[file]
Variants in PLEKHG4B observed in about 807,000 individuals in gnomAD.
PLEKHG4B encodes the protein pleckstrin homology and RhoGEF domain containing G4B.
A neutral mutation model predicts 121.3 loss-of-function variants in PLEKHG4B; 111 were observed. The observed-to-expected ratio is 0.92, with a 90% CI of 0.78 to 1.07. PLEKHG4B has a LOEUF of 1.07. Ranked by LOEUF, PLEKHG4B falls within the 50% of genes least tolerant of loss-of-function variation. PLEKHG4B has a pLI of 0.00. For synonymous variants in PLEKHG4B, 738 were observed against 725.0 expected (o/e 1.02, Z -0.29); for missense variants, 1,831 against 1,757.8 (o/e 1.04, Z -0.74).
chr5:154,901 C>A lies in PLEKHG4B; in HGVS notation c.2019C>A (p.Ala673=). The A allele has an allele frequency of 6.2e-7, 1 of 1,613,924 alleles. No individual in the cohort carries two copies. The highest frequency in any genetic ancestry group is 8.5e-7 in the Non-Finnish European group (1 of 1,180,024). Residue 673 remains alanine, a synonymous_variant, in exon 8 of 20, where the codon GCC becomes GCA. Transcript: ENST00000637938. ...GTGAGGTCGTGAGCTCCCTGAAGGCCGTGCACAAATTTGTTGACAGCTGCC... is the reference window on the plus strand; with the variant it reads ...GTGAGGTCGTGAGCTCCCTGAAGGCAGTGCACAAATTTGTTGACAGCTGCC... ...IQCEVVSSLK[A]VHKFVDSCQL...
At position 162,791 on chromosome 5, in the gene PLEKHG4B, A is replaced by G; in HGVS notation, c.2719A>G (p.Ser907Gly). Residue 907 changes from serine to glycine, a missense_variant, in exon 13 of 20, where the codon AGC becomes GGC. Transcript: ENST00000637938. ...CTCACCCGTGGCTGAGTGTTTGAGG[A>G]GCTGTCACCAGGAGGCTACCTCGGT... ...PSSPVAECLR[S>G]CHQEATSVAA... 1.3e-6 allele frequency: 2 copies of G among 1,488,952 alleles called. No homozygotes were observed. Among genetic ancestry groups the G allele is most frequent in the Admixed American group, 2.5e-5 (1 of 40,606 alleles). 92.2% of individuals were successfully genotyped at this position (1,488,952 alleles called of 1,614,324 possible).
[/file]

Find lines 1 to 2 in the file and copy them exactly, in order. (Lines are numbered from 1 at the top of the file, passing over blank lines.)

Variants in PLEKHG4B observed in about 807,000 individuals in gnomAD.
PLEKHG4B encodes the protein pleckstrin homology and RhoGEF domain containing G4B.